As described by Young:
"The [experts] must explain what is perceived as unusual in terms of the values associated by their audience as usual ... they circumscribe and negate the reality of values different from their own. They do not explain, but merely explain away."

Determinism of behaviour.

This was the belief that deviancy must be subject to discoverable causal laws. It has been criticised for defusing deviancy as a lack of choice, and of reifying human endeavour, with no recognition of moral choice or creativity.


In general terms there are problems with the postulates of positivism. For example, the idea of the consensus worldview denies the role of ethics, and the 'neutral' language of science allows political and commercial exploiters to "use the social sciences as a front which helps them control public opinions and … responses."

This misguided belief in the perceived 'purity' of empirical research must be considered in any look at the work of biological positivists.

Biological Positivism, and theories.

Cesare Lombroso and Atavism.

Cesare Lombroso's groundbreaking work was a direct reversal of the statistical method employed by Quetelet and Guerry. His atavistic theory effectively argued that the nature of the criminal determines the character of the institution, and not vice-versa.

His theory of criminal anthropology was also very popular during its inception, since "L'Uomo Delinquente (Criminal Man)" (1876) was published short after Darwin's "Origin of the Species" (1859). Lindesmith explains:
"It may be that the theory of the born criminal offered a convenient
rationalisation of the failure of preventive effort and an escape from the implications of the dangerous doctrine that crime is an essential product of our social organisation."

Darwin, then, first suggested atavism, when he wrote:
"With mankind some of the worst dispositions which occasionally without any assignable cause make their appearance in families, may perhaps be reversions to a savage state, from which we are not removed by many generations."
Lombroso, who was busy studying the physical characteristics of criminals and soldiers, claimed to have discovered proof of this supposition in a "flash of inspiration" while studying the skull of famous brigand, Vihella:
"[T]he problem of the nature of the criminal - an atavistic being who reproduces in his person the ferocious instincts of primitive humanity and the inferior animals."

One could further determine the people in this category of evolutionary 'throwbacks' by their "enormous jaws, high cheek bones … insensibility to pain" and even behavioural traits, such as "tattooing, excessive idleness [and] love of orgies", all of which led to "the irresistible craving for evil for its own sake."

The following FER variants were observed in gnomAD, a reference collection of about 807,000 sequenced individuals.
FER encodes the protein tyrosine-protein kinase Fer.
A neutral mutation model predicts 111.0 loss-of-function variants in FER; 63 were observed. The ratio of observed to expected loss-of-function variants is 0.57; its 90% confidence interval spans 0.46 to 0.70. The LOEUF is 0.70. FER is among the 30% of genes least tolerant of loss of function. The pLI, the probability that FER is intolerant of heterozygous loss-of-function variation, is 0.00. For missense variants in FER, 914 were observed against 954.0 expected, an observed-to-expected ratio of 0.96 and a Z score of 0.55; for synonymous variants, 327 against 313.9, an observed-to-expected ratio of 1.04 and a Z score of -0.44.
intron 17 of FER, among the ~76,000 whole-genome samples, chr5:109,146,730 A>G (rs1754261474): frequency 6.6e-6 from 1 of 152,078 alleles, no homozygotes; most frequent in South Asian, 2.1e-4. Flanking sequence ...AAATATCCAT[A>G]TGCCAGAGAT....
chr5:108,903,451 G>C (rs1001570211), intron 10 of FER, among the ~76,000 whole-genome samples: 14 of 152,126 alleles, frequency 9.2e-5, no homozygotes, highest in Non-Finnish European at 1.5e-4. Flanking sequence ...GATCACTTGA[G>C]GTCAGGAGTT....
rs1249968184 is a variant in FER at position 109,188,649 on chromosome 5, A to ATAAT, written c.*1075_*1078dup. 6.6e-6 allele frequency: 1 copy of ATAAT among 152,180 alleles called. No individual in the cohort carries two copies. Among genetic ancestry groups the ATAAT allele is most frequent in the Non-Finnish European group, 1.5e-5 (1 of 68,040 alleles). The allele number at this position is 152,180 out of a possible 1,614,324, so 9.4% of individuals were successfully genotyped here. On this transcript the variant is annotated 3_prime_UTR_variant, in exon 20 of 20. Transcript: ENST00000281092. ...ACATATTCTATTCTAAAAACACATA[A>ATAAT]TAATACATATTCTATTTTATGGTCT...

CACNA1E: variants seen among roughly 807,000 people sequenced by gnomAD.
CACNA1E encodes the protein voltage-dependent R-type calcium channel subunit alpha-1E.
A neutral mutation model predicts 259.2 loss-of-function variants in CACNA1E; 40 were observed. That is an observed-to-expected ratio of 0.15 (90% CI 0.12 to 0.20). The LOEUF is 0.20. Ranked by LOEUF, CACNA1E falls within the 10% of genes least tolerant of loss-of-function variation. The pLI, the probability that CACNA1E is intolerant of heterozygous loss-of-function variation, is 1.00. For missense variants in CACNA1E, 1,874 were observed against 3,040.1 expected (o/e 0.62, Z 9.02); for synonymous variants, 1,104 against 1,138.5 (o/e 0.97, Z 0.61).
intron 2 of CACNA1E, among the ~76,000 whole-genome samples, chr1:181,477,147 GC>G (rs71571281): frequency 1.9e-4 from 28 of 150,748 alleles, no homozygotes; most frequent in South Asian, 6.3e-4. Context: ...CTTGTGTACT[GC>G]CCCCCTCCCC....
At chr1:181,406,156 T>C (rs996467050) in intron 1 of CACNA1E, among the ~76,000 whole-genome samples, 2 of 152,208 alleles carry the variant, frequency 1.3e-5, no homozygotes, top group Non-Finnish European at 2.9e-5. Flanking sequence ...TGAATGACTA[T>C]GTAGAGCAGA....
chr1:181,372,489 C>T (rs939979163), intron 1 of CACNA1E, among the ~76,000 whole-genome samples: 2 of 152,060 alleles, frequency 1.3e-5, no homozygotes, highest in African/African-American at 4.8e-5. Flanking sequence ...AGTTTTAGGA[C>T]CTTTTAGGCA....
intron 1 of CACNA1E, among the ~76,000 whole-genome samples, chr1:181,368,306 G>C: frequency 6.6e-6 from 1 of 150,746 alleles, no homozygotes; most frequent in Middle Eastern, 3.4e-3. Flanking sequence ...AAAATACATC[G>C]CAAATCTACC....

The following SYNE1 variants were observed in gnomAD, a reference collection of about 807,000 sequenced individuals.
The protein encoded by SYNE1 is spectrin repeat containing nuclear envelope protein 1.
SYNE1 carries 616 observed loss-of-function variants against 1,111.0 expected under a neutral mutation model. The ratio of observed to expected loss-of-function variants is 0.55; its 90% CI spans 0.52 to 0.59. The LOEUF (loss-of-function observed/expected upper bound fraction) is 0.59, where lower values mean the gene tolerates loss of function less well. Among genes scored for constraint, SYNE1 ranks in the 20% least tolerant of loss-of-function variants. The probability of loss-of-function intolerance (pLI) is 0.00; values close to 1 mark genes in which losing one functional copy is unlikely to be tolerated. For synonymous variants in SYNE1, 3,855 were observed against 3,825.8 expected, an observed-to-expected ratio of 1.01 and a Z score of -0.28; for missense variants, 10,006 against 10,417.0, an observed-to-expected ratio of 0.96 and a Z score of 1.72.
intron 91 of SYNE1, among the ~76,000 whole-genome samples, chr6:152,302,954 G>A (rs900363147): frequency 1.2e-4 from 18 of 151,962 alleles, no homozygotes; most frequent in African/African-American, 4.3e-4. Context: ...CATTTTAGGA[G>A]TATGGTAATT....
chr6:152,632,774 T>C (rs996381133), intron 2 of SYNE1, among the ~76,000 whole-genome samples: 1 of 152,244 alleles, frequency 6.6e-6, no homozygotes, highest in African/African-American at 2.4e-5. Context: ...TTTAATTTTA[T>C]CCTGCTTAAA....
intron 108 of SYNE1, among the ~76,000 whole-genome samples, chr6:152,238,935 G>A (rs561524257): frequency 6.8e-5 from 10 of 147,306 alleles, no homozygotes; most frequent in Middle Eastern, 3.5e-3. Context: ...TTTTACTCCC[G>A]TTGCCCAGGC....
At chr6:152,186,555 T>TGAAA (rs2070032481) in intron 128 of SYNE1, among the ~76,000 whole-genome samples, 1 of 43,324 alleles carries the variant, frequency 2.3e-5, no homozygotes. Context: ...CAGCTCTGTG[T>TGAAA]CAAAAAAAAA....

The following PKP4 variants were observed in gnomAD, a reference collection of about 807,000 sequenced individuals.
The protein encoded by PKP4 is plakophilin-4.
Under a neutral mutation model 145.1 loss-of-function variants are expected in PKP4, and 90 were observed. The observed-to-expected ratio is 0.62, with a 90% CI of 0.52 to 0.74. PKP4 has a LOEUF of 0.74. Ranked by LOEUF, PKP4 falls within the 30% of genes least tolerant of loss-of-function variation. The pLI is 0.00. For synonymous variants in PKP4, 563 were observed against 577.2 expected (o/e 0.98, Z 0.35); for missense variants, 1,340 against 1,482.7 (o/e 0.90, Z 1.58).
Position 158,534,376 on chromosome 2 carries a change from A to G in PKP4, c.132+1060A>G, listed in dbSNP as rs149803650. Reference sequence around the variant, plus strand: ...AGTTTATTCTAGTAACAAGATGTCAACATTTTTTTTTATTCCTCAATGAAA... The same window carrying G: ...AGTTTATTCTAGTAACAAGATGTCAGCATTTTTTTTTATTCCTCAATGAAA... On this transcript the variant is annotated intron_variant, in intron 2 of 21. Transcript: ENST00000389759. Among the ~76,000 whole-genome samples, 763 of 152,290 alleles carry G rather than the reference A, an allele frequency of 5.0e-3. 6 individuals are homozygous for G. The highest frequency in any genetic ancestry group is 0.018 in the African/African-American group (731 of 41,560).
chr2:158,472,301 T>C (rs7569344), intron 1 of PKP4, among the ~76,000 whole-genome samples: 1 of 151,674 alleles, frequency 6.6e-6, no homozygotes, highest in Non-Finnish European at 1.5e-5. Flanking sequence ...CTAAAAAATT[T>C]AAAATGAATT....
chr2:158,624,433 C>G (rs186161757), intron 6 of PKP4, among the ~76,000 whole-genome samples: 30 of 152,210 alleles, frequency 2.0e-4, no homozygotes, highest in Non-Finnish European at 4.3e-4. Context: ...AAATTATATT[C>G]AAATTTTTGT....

Lombroso was faced with some criticism of this blanket description, and later developed other types of criminal. Alongside the minority born killer / atavist, he added:
i) the epileptic criminal,
ii) the insane criminal, and
iii) the occasional criminal - called 'criminaloids' (those with trace elements of atavism, who could be drawn into crime through criminal association, or poor education etc), and
iv) criminals of passion (compelled to crime by temporarily irresistible urges, eg love, honour, rage).

To the modern eye, however, several flaws present themselves. Lombroso's theories were found to be statistically unsound, with no recognition of environmental factors on the individual's physical development. Charles Gorring wrote criticisms of the lack of an absolute distinction between criminals, and non-criminals. Meanwhile, the evolutionary 'throwback' concept has since proved to be actually impossible; and Lombroso also ignored the stigmatising effect of physical differences, whereby criminal offending is encouraged through exposure to negative social interaction:
"It seems likely that the attitudes offenders hold about themselves, their peers and crime itself will play a large part in the decision-making process before offending behaviour occurs."

Or, from literature:
"I, that am rudely stamp'd, and want love's majesty … Cheated of feature by dissembling nature, Deformed, unfinish'd, sent before my time … And therefore since I cannot prove a lover … I am determined to prove a villain."

Most dangerously though, this type of theory has been used to support arguments favouring eugenics - for example, the Nazi Party used to demonstrate that biological devolution was present in the skulls of Jewish people. This of course justified their execution. (One mustn't forget that this was also the ultimate conclusion of Garofalo's work - that criminal eugenics should be employed in the artificial removal of offenders.)